Some have suggested I try to sign on as crew, and I'll definitely look into that. But how likely is it that someone would be want to take on 2-3 people for crew (sailing whitsundays, sydney, or Newcastle)
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Old 14-02-2012, 22:19   #7
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Re: Beginner Sailing off Australia's East Coast

Hi haleth,

What I mean by deliveries is that boats will be going from Sydney and Brisbane (in particular) up to Hamilton Island and Airlie Beach for race week. They need to be "delivered" and you might get a ride on one of them.

You should also look at the crew wanted/available forum in Cruisers Forum. Thjere are a couple of entries there that might suit you.

daniel
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Old 15-02-2012, 00:36   #8
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Re: Beginner Sailing off Australia's East Coast

I'm told off season you can bargain with the Whitsunday charter companies - go to more than one, let them know you are looking for a bargain, and choose the best deal. It's to their advantage to keep their boats generating revenue.
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Old 03-03-2012, 05:18   #9
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Hey there I sail out of Newcastle and the yacht club notice board is the best place to start put your name and phone number down and hang around your bound to bump into somebody looking for a crew!
The same goes for lake macquarie or port Stephens just go in and have a few beers and talk to some people you'll find someone!
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Old 03-03-2012, 15:53   #10
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Re: Beginner Sailing off Australia's East Coast

G'Day Haleth,

Could you enlighten us as to where you will specifically be? The east coast of Oz is a big place... And further, do you want to have one period of sailing or access to weekly (or whatever) sails in whatever your local area may be?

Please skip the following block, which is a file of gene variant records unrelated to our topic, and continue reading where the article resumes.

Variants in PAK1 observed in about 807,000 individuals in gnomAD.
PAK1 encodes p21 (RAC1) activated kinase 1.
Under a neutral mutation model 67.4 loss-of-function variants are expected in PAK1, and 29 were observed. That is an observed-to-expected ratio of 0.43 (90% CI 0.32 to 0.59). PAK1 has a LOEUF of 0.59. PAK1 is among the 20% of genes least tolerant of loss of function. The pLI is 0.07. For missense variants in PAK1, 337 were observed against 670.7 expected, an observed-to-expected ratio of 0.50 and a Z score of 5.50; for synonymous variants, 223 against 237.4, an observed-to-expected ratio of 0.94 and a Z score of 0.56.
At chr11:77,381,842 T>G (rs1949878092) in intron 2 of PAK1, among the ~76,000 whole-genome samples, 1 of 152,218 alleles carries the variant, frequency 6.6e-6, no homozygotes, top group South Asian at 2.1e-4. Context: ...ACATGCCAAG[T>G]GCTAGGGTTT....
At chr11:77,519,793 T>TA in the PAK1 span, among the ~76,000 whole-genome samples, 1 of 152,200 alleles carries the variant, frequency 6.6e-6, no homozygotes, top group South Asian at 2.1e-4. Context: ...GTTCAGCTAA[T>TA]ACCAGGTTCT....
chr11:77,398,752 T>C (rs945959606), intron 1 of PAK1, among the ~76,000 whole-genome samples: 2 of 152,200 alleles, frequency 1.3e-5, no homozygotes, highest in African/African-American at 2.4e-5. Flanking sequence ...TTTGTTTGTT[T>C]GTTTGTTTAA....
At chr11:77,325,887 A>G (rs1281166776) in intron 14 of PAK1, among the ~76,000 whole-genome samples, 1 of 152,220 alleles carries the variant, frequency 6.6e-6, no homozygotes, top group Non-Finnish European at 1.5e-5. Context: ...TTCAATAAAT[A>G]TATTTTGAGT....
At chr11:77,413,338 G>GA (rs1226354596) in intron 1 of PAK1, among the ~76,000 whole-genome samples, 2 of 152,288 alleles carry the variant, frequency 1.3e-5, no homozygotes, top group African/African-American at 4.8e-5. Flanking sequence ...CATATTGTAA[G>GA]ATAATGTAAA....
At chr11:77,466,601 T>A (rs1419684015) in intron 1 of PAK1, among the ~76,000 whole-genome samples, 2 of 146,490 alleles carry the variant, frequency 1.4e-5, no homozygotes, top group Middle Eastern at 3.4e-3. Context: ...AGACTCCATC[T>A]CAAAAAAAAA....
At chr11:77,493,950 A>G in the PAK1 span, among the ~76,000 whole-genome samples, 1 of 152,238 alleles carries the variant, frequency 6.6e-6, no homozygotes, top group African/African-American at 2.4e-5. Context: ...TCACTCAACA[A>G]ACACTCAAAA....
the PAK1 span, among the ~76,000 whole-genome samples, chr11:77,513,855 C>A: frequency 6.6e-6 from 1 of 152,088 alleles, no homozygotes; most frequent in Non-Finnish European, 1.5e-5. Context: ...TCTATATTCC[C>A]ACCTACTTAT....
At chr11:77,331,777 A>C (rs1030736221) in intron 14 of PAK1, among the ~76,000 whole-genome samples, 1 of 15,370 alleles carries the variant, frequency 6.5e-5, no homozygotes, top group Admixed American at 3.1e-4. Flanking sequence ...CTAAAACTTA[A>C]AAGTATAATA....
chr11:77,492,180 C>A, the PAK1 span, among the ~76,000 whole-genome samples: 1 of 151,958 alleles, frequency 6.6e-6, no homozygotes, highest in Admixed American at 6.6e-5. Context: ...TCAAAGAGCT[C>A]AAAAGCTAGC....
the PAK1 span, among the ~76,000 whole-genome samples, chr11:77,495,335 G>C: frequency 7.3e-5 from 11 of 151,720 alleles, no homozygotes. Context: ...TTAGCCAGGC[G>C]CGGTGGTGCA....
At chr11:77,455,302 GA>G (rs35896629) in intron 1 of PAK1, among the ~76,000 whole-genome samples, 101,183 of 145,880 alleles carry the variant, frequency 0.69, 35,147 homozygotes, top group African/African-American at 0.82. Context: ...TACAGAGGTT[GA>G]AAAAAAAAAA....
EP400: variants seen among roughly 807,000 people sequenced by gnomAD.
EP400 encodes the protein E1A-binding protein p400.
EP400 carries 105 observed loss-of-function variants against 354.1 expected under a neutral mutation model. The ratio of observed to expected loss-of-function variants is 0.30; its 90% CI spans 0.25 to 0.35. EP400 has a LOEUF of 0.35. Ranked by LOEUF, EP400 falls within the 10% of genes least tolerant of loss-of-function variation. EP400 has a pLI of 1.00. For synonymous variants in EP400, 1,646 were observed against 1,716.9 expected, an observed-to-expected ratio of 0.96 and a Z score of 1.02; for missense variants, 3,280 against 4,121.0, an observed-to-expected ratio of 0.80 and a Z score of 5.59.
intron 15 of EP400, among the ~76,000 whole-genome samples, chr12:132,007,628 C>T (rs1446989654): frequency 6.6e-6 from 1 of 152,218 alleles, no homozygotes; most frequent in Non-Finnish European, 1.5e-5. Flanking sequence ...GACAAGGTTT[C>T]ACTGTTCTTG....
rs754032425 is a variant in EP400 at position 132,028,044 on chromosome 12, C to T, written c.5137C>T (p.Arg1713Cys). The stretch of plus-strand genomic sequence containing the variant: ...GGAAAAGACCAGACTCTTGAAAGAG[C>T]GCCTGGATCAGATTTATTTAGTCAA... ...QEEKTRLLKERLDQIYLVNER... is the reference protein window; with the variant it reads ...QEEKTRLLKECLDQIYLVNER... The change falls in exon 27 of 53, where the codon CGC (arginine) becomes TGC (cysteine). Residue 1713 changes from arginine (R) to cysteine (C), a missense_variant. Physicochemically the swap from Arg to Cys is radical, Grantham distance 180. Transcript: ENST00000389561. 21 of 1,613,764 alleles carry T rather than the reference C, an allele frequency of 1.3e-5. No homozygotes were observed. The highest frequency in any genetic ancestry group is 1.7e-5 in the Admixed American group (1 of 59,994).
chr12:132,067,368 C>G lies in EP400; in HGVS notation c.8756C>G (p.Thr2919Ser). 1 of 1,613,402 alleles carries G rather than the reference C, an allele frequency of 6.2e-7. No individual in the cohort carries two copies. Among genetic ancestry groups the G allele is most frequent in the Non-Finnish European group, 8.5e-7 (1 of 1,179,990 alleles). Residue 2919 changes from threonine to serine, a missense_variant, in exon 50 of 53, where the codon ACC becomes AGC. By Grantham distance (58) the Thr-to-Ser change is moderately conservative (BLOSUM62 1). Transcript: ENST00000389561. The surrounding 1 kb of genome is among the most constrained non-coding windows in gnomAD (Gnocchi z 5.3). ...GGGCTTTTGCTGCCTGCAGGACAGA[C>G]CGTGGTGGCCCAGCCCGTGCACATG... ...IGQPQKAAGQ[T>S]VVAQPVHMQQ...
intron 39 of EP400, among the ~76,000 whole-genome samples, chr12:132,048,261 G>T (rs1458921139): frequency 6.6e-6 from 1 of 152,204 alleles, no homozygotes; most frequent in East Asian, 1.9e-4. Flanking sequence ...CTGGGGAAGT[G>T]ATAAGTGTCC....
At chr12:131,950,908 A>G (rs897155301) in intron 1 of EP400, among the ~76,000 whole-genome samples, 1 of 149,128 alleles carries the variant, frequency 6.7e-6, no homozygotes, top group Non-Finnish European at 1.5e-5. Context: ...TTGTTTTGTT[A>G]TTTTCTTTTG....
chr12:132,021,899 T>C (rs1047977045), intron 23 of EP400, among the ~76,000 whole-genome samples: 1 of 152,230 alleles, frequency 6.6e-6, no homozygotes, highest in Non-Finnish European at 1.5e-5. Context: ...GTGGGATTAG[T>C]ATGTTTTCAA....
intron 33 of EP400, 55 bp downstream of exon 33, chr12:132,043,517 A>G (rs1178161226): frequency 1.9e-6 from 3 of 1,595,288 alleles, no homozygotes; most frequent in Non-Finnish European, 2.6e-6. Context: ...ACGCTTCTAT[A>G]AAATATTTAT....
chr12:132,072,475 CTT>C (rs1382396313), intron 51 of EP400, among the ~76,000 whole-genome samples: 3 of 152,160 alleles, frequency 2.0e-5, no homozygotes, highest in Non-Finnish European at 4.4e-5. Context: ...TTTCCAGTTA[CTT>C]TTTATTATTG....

Armed with this info we might be able to link you up with specific organizations or people who could help you out... otherwise you will continue to get advice about sailing in areas that are on the order of a thousand miles apart!

Cheers,

Jim
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Old 10-04-2012, 18:51   #11
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Re: Beginner Sailing off Australia's East Coast

I looked at the most recent edition of Afloat ( a free magazine) in it there as an advert for a trip from Sydney to the Whitsundays on a charter boat. they wanted $69 a day. for 2.5 weeks I think.

I imagine they would do it in stages.

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Old 10-04-2012, 20:06   #12
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Re: Beginner Sailing off Australia's East Coast

Quote:
Originally Posted by DtM View Post
I looked at the most recent edition of Afloat ( a free magazine) in it there as an advert for a trip from Sydney to the Whitsundays on a charter boat. they wanted $69 a day. for 2.5 weeks I think.

I imagine they would do it in stages.

Call me 0411 104601
Do they have Yacht stops in the Middle of the Tasman Sea,
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Old 12-04-2012, 07:17   #13
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Do they have Yacht stops in the Middle of the Tasman Sea,
Sure - called Lord Howe Island!
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Old 12-04-2012, 07:33   #14
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Re: Beginner Sailing off Australia's East Coast

Quote:
Originally Posted by DtM View Post
I looked at the most recent edition of Afloat ( a free magazine) in it there as an advert for a trip from Sydney to the Whitsundays on a charter boat. they wanted $69 a day. for 2.5 weeks I think.

I imagine they would do it in stages.

Call me 0411 104601
Quote:
Originally Posted by Mr B View Post
Do they have Yacht stops in the Middle of the Tasman Sea,
Quote:
Originally Posted by stillbuilding View Post
Sure - called Lord Howe Island!
I am not sure if you guys are serious or this is all tongue in cheek but for the OP's information such a trip will be coastal sailing with plenty of harbours along the way.
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Old 12-04-2012, 09:11   #15
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I am not sure if you guys are serious or this is all tongue in cheek but for the OP's information such a trip will be coastal sailing with plenty of harbours along the way.
Light hearted of course. Well, as another light-hearted aside i did know someone in a very heavy, very fat double ender who sailed from Hobart to Mooloolaba and was having such a hard trip against the South-going current that he went OUTSIDE the current (hundreds of miles out into the Tasman) and did stop off at Lord Howe. He reckoned he got half way to NZ on one tack! That boat was HEAVY!!